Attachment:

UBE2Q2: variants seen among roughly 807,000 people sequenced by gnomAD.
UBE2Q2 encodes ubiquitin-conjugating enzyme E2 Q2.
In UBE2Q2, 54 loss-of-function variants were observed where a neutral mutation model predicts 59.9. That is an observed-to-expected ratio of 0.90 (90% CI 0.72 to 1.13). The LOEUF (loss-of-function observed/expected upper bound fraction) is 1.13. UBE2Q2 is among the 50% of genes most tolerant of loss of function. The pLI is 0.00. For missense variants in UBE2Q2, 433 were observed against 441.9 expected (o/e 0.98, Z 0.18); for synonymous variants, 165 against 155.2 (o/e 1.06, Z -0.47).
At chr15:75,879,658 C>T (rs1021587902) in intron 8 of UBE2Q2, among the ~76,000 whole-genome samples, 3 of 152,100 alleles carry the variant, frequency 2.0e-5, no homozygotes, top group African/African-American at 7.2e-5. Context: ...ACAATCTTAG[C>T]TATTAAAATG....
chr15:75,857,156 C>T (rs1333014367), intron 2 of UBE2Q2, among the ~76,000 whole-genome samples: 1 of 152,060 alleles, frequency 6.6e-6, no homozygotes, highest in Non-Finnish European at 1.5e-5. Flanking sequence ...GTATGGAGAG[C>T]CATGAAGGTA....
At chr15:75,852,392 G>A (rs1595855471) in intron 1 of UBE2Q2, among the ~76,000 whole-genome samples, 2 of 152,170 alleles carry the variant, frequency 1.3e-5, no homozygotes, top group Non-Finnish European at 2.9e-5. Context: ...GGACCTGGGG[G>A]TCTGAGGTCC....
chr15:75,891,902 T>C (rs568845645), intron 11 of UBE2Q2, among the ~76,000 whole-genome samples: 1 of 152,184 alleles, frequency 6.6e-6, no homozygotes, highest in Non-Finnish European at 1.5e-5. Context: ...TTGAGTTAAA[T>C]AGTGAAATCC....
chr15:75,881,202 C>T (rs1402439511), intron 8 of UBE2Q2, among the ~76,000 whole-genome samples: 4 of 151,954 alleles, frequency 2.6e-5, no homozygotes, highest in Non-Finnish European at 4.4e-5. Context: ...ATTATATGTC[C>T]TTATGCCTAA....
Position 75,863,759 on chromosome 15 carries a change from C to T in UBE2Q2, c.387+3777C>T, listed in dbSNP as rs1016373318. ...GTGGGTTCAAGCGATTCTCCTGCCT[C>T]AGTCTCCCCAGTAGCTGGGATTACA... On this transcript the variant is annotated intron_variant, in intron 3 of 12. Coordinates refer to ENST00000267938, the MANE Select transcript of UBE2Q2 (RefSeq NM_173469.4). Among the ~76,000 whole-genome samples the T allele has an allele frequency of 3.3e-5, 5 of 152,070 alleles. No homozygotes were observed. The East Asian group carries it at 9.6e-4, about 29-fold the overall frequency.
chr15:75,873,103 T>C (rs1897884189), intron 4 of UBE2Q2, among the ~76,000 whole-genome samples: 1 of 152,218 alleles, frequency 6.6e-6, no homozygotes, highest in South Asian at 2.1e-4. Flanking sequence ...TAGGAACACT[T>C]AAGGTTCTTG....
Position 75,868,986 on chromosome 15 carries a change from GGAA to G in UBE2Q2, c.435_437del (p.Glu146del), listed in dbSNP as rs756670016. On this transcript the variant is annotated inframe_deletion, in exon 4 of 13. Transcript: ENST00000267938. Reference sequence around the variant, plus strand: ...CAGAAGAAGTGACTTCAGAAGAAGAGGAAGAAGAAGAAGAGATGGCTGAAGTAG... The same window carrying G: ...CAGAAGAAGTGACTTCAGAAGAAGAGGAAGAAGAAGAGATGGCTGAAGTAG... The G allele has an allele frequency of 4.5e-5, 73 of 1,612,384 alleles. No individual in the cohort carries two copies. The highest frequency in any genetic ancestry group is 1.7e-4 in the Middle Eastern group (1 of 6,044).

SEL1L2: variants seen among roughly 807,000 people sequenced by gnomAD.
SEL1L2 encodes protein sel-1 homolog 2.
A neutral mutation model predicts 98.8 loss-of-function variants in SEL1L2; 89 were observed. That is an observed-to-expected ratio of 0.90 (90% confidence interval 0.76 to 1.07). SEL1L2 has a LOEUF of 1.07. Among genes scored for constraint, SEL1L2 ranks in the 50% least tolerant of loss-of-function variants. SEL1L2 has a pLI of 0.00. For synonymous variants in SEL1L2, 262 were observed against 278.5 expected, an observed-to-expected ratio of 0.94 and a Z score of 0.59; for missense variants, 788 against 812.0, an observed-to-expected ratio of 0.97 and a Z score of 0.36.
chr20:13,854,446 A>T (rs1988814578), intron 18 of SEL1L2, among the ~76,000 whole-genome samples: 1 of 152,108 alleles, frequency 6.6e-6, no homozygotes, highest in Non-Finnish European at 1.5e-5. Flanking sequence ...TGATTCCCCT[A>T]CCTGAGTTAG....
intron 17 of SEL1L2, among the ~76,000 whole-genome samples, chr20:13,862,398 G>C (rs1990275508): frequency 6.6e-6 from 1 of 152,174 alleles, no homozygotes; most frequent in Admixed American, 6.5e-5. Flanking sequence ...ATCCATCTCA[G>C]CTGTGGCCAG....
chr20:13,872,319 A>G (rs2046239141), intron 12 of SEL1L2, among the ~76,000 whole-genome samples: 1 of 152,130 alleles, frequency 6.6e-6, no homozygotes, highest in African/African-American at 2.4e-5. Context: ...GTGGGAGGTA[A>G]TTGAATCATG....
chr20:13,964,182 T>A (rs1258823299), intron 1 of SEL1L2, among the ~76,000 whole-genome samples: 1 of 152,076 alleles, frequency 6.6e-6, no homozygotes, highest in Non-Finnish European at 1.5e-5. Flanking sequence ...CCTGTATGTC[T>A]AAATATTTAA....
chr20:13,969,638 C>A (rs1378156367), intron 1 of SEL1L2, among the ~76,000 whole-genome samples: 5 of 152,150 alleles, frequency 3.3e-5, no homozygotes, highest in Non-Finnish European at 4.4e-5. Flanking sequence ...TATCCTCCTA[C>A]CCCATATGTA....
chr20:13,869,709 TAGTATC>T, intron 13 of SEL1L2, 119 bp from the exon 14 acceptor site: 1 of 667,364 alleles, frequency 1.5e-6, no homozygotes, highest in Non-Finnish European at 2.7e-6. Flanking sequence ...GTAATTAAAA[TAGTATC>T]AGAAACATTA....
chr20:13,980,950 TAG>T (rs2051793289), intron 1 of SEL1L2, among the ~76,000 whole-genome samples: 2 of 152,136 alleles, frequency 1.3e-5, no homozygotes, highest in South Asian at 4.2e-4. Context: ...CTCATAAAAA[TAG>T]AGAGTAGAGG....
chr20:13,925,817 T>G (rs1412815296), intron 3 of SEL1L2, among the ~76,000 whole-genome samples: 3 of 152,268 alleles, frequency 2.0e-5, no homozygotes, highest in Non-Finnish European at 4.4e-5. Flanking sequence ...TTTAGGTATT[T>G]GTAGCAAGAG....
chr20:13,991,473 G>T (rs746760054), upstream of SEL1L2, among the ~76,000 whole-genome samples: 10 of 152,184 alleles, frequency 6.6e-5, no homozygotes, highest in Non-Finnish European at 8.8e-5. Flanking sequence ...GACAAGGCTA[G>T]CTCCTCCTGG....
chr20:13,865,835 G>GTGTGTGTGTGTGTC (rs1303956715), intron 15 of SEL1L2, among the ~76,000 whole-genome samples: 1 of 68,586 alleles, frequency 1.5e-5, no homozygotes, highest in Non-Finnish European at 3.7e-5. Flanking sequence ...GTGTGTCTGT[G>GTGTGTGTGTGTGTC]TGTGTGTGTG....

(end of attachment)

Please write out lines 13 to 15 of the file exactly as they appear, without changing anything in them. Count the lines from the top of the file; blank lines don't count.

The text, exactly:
SEL1L2 encodes protein sel-1 homolog 2.
A neutral mutation model predicts 98.8 loss-of-function variants in SEL1L2; 89 were observed. That is an observed-to-expected ratio of 0.90 (90% confidence interval 0.76 to 1.07). SEL1L2 has a LOEUF of 1.07. Among genes scored for constraint, SEL1L2 ranks in the 50% least tolerant of loss-of-function variants. SEL1L2 has a pLI of 0.00. For synonymous variants in SEL1L2, 262 were observed against 278.5 expected, an observed-to-expected ratio of 0.94 and a Z score of 0.59; for missense variants, 788 against 812.0, an observed-to-expected ratio of 0.97 and a Z score of 0.36.
chr20:13,854,446 A>T (rs1988814578), intron 18 of SEL1L2, among the ~76,000 whole-genome samples: 1 of 152,108 alleles, frequency 6.6e-6, no homozygotes, highest in Non-Finnish European at 1.5e-5. Flanking sequence ...TGATTCCCCT[A>T]CCTGAGTTAG....